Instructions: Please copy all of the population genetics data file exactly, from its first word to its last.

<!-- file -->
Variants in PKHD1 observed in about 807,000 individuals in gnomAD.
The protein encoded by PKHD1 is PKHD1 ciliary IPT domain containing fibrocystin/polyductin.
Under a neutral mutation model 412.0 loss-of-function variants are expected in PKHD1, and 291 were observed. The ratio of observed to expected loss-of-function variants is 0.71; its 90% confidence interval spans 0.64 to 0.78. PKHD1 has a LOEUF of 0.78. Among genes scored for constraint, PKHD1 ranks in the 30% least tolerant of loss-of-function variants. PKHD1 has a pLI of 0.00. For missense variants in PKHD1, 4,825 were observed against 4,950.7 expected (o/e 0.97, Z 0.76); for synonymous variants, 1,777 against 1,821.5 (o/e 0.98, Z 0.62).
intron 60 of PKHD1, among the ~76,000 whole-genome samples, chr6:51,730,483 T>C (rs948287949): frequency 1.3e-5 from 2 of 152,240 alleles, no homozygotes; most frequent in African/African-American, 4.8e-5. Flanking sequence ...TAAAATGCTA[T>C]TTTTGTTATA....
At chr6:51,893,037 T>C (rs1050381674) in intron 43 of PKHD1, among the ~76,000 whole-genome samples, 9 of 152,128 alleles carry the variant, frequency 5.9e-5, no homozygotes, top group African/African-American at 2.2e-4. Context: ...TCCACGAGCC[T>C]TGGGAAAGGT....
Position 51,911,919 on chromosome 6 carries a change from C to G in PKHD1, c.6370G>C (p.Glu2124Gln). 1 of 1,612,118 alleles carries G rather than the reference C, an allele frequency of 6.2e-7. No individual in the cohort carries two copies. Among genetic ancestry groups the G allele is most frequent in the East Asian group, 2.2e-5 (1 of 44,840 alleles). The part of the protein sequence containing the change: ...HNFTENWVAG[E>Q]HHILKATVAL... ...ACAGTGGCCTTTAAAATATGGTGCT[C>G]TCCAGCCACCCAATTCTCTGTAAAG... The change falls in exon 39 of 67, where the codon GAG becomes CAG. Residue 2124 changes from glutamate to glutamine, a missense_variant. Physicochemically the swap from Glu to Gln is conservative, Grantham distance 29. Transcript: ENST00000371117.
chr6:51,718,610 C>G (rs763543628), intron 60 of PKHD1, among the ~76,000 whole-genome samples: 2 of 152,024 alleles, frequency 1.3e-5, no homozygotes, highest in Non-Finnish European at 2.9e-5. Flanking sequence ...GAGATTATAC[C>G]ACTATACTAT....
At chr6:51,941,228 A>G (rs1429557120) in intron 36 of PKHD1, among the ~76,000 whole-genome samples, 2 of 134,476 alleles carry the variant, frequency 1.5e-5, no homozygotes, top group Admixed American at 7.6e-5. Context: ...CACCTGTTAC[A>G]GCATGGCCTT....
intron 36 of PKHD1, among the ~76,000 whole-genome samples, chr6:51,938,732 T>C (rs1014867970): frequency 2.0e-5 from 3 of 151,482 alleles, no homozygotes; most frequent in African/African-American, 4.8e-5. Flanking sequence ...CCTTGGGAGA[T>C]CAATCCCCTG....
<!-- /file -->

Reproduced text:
Variants in PKHD1 observed in about 807,000 individuals in gnomAD.
The protein encoded by PKHD1 is PKHD1 ciliary IPT domain containing fibrocystin/polyductin.
Under a neutral mutation model 412.0 loss-of-function variants are expected in PKHD1, and 291 were observed. The ratio of observed to expected loss-of-function variants is 0.71; its 90% confidence interval spans 0.64 to 0.78. PKHD1 has a LOEUF of 0.78. Among genes scored for constraint, PKHD1 ranks in the 30% least tolerant of loss-of-function variants. PKHD1 has a pLI of 0.00. For missense variants in PKHD1, 4,825 were observed against 4,950.7 expected (o/e 0.97, Z 0.76); for synonymous variants, 1,777 against 1,821.5 (o/e 0.98, Z 0.62).
intron 60 of PKHD1, among the ~76,000 whole-genome samples, chr6:51,730,483 T>C (rs948287949): frequency 1.3e-5 from 2 of 152,240 alleles, no homozygotes; most frequent in African/African-American, 4.8e-5. Flanking sequence ...TAAAATGCTA[T>C]TTTTGTTATA....
At chr6:51,893,037 T>C (rs1050381674) in intron 43 of PKHD1, among the ~76,000 whole-genome samples, 9 of 152,128 alleles carry the variant, frequency 5.9e-5, no homozygotes, top group African/African-American at 2.2e-4. Context: ...TCCACGAGCC[T>C]TGGGAAAGGT....
Position 51,911,919 on chromosome 6 carries a change from C to G in PKHD1, c.6370G>C (p.Glu2124Gln). 1 of 1,612,118 alleles carries G rather than the reference C, an allele frequency of 6.2e-7. No individual in the cohort carries two copies. Among genetic ancestry groups the G allele is most frequent in the East Asian group, 2.2e-5 (1 of 44,840 alleles). The part of the protein sequence containing the change: ...HNFTENWVAG[E>Q]HHILKATVAL... ...ACAGTGGCCTTTAAAATATGGTGCT[C>G]TCCAGCCACCCAATTCTCTGTAAAG... The change falls in exon 39 of 67, where the codon GAG becomes CAG. Residue 2124 changes from glutamate to glutamine, a missense_variant. Physicochemically the swap from Glu to Gln is conservative, Grantham distance 29. Transcript: ENST00000371117.
chr6:51,718,610 C>G (rs763543628), intron 60 of PKHD1, among the ~76,000 whole-genome samples: 2 of 152,024 alleles, frequency 1.3e-5, no homozygotes, highest in Non-Finnish European at 2.9e-5. Flanking sequence ...GAGATTATAC[C>G]ACTATACTAT....
At chr6:51,941,228 A>G (rs1429557120) in intron 36 of PKHD1, among the ~76,000 whole-genome samples, 2 of 134,476 alleles carry the variant, frequency 1.5e-5, no homozygotes, top group Admixed American at 7.6e-5. Context: ...CACCTGTTAC[A>G]GCATGGCCTT....
intron 36 of PKHD1, among the ~76,000 whole-genome samples, chr6:51,938,732 T>C (rs1014867970): frequency 2.0e-5 from 3 of 151,482 alleles, no homozygotes; most frequent in African/African-American, 4.8e-5. Flanking sequence ...CCTTGGGAGA[T>C]CAATCCCCTG....